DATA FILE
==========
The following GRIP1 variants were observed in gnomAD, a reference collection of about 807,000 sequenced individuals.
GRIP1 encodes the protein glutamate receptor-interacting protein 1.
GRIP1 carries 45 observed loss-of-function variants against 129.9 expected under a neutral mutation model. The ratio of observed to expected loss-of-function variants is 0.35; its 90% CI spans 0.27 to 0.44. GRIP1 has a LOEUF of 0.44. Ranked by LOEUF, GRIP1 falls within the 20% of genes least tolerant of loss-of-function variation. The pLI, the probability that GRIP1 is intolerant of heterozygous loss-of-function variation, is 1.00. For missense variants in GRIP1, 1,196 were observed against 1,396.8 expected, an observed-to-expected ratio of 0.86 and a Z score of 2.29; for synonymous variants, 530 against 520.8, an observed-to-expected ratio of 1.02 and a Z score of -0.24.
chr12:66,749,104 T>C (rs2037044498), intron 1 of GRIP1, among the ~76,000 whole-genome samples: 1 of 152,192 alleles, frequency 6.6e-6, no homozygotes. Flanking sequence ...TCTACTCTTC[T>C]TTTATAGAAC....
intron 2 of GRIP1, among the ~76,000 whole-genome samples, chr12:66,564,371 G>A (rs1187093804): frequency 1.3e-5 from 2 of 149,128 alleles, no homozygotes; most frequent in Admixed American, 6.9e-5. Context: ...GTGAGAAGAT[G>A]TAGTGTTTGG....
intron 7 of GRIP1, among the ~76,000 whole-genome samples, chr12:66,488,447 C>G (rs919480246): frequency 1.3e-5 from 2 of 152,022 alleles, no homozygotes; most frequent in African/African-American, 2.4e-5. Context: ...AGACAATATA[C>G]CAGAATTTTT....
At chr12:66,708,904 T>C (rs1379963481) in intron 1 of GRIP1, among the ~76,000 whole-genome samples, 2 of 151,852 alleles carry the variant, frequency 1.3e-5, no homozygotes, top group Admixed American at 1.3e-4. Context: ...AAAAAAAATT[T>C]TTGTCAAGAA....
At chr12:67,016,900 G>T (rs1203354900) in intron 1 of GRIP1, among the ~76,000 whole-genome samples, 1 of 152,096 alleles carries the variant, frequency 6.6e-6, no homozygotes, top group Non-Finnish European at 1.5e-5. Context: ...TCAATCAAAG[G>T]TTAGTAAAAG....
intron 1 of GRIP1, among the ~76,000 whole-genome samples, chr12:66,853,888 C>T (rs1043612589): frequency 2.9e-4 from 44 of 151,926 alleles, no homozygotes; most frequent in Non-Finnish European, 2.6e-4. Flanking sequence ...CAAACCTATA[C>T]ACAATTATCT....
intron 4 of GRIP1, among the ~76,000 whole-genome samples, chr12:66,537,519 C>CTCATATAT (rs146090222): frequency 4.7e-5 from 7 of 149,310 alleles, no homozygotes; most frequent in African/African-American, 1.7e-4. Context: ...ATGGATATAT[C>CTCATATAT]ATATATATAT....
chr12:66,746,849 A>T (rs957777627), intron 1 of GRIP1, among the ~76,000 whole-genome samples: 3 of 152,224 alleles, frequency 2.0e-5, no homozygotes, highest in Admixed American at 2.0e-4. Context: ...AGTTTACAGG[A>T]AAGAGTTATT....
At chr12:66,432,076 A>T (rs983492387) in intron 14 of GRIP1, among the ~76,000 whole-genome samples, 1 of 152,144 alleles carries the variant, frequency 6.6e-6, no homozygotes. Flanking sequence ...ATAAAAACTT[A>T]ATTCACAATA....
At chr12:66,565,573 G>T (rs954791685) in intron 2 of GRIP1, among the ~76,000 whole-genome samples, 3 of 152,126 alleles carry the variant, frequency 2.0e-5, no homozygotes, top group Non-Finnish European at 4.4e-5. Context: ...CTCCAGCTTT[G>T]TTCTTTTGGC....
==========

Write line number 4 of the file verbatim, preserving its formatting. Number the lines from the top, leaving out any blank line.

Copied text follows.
chr12:66,749,104 T>C (rs2037044498), intron 1 of GRIP1, among the ~76,000 whole-genome samples: 1 of 152,192 alleles, frequency 6.6e-6, no homozygotes. Flanking sequence ...TCTACTCTTC[T>C]TTTATAGAAC....